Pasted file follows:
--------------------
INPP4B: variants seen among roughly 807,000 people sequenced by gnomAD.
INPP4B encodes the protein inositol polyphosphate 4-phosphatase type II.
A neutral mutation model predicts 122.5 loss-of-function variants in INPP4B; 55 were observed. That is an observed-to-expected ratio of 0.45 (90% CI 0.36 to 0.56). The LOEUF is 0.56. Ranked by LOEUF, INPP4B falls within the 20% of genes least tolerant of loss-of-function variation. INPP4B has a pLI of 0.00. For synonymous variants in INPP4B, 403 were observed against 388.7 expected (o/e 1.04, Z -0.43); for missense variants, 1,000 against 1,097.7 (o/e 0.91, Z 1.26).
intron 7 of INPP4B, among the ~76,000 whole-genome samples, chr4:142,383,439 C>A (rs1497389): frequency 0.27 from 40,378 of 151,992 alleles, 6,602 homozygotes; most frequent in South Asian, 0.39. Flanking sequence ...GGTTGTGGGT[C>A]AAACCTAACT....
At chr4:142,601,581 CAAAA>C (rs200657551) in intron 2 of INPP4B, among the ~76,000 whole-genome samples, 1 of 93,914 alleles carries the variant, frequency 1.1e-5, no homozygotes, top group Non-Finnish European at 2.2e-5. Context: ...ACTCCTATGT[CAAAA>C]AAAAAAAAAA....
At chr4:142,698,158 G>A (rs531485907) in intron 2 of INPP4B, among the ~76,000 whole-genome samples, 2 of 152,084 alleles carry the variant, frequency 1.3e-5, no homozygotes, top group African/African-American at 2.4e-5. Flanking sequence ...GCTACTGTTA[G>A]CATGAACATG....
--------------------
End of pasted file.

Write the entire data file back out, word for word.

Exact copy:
INPP4B: variants seen among roughly 807,000 people sequenced by gnomAD.
INPP4B encodes the protein inositol polyphosphate 4-phosphatase type II.
A neutral mutation model predicts 122.5 loss-of-function variants in INPP4B; 55 were observed. That is an observed-to-expected ratio of 0.45 (90% CI 0.36 to 0.56). The LOEUF is 0.56. Ranked by LOEUF, INPP4B falls within the 20% of genes least tolerant of loss-of-function variation. INPP4B has a pLI of 0.00. For synonymous variants in INPP4B, 403 were observed against 388.7 expected (o/e 1.04, Z -0.43); for missense variants, 1,000 against 1,097.7 (o/e 0.91, Z 1.26).
intron 7 of INPP4B, among the ~76,000 whole-genome samples, chr4:142,383,439 C>A (rs1497389): frequency 0.27 from 40,378 of 151,992 alleles, 6,602 homozygotes; most frequent in South Asian, 0.39. Flanking sequence ...GGTTGTGGGT[C>A]AAACCTAACT....
At chr4:142,601,581 CAAAA>C (rs200657551) in intron 2 of INPP4B, among the ~76,000 whole-genome samples, 1 of 93,914 alleles carries the variant, frequency 1.1e-5, no homozygotes, top group Non-Finnish European at 2.2e-5. Context: ...ACTCCTATGT[CAAAA>C]AAAAAAAAAA....
At chr4:142,698,158 G>A (rs531485907) in intron 2 of INPP4B, among the ~76,000 whole-genome samples, 2 of 152,084 alleles carry the variant, frequency 1.3e-5, no homozygotes, top group African/African-American at 2.4e-5. Flanking sequence ...GCTACTGTTA[G>A]CATGAACATG....